No, not that one. Although Andrew Haigh’s well-received British indie Weekend is opening today, it was this new poster for Janus’s re-release of Godard's 1967 Week End that caught my eye this week. Last week I described the poster for Burning Man as a poster that makes you twist your neck; this one turns you sideways. Taking a film which I always misremember as being widescreen—probably because of that endless Chinese scroll of a tracking shot past cinema’s most famous traffic jam—designer Steve Chow has turned a pile-up of two cars and a small plane into a vertical totem pole simply by turning the image on its side. It works because of the upended red car which is now horizontal (one of the few things in the poster which seems to be the right way around) along with the simple line of title type along its underbelly. It also works, above all, because of its riot of color.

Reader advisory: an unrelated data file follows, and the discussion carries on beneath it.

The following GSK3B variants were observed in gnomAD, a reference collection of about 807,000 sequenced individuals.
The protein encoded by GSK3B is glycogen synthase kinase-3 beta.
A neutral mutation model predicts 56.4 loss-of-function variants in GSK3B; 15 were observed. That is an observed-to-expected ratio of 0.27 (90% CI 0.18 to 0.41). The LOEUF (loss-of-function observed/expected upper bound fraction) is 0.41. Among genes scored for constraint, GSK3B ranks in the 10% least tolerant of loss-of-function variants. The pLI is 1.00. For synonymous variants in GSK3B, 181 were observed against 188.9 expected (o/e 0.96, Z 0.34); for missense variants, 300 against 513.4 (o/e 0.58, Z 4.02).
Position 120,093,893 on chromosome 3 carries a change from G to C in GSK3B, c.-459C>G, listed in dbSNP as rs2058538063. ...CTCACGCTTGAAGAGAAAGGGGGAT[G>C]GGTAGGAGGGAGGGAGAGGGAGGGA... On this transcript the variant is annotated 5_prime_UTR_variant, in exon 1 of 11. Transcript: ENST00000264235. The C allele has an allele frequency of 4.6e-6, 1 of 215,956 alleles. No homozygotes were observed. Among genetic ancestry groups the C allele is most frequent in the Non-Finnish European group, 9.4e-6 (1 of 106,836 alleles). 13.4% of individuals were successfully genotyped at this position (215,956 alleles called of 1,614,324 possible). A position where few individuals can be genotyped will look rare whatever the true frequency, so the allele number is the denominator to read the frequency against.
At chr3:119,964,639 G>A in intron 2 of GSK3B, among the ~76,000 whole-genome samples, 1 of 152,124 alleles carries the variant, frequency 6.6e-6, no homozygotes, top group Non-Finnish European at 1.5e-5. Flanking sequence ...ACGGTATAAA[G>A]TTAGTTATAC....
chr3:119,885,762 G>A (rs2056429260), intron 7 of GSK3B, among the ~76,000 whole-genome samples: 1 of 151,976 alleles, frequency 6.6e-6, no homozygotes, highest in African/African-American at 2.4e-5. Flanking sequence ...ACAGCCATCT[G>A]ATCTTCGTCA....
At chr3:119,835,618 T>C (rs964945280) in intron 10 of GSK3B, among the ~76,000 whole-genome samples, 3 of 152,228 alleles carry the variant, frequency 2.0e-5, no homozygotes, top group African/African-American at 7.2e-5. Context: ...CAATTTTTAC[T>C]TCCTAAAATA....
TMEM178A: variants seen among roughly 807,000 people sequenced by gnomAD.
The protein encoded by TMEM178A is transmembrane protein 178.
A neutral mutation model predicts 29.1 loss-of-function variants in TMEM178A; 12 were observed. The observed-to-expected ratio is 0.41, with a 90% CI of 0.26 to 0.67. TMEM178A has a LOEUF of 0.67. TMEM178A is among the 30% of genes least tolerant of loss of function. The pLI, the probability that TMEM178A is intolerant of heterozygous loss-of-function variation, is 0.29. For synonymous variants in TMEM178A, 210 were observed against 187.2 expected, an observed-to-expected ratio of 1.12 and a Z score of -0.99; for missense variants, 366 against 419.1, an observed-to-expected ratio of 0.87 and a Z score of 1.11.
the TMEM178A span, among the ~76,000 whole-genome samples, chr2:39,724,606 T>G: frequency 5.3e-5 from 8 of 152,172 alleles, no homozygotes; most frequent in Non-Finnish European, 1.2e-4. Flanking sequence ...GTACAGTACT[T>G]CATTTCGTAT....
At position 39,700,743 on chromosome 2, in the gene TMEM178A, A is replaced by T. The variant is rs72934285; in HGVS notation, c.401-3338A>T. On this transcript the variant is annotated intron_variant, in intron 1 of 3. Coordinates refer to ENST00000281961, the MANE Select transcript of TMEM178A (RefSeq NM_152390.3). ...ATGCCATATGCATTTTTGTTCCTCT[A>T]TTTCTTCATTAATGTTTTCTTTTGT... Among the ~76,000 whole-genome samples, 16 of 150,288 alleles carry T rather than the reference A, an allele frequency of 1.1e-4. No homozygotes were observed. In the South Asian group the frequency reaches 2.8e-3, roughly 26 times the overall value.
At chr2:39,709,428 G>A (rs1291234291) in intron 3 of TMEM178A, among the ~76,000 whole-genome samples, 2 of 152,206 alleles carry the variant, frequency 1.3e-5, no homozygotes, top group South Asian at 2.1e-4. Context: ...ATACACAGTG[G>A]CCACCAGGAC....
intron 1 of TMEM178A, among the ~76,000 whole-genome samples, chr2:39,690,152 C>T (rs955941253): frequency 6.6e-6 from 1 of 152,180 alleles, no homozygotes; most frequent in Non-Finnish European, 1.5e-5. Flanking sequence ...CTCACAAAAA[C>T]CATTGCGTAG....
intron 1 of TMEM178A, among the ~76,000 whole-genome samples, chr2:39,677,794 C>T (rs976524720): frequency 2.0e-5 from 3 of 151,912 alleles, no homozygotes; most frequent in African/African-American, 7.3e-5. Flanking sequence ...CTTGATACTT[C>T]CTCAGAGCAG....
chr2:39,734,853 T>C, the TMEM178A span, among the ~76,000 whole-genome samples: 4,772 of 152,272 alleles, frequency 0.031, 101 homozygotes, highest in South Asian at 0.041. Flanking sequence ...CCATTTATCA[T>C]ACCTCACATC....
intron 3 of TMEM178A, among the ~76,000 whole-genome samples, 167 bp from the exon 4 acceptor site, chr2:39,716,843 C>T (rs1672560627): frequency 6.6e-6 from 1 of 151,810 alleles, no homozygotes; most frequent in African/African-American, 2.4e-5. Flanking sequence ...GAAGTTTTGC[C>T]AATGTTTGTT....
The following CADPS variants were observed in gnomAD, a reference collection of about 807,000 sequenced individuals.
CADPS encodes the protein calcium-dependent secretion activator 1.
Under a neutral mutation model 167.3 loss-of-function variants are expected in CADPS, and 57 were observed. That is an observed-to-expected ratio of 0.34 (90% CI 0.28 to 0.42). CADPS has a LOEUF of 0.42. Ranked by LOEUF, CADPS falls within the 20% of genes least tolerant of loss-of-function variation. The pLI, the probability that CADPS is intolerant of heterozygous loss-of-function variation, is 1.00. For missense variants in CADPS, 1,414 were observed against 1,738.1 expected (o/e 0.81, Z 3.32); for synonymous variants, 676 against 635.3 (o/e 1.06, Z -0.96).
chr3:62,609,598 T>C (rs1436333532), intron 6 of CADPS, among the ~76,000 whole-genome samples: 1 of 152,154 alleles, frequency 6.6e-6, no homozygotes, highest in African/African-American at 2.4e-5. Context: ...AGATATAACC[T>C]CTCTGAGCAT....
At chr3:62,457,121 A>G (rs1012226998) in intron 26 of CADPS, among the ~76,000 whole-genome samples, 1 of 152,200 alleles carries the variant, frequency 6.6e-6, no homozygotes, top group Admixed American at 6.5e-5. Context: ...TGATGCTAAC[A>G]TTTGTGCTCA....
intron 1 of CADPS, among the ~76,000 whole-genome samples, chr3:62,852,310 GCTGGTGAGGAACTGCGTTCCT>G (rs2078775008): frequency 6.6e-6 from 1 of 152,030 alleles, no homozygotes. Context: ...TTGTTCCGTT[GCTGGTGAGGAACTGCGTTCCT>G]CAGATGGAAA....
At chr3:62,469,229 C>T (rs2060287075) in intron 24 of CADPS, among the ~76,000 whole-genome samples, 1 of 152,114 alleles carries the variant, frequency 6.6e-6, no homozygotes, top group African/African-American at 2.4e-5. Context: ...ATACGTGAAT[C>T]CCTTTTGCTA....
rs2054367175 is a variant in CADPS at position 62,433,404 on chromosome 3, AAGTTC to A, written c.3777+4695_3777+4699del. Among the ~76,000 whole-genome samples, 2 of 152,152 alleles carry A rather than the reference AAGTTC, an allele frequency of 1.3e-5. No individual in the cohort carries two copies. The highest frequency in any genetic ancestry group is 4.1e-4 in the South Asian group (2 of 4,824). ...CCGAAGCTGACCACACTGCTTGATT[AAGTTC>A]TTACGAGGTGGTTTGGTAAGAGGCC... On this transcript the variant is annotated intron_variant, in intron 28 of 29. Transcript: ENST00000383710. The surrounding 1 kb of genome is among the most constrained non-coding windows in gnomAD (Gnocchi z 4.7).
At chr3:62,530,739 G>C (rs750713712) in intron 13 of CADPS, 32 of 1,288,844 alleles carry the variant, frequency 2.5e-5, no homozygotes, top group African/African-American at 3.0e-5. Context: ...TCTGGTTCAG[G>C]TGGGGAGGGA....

As you can see below the poster would work just as well as a British quad, but Chow, who in recent years has also designed Janus posters for two other Godard re-releases Vivre sa vie and Pierrot le fou, seems energized by the vertical plane (no pun intended).
Both of his other Godard posters place Anna Karina against a plain white wall with all the rest of the visual interest in the poster on the right hand side of the canvas: Jean-Paul Belmono up a telegraph pole, or the doorway and neon sign of a seedy hotel.
Together they make a lovely triptych, each with their simple sans serif type in red, white, black and blue.
I’d be remiss, however, if I didn’t also give a shout out to the poster for the other Weekend, which is simple and understated and quite lovely.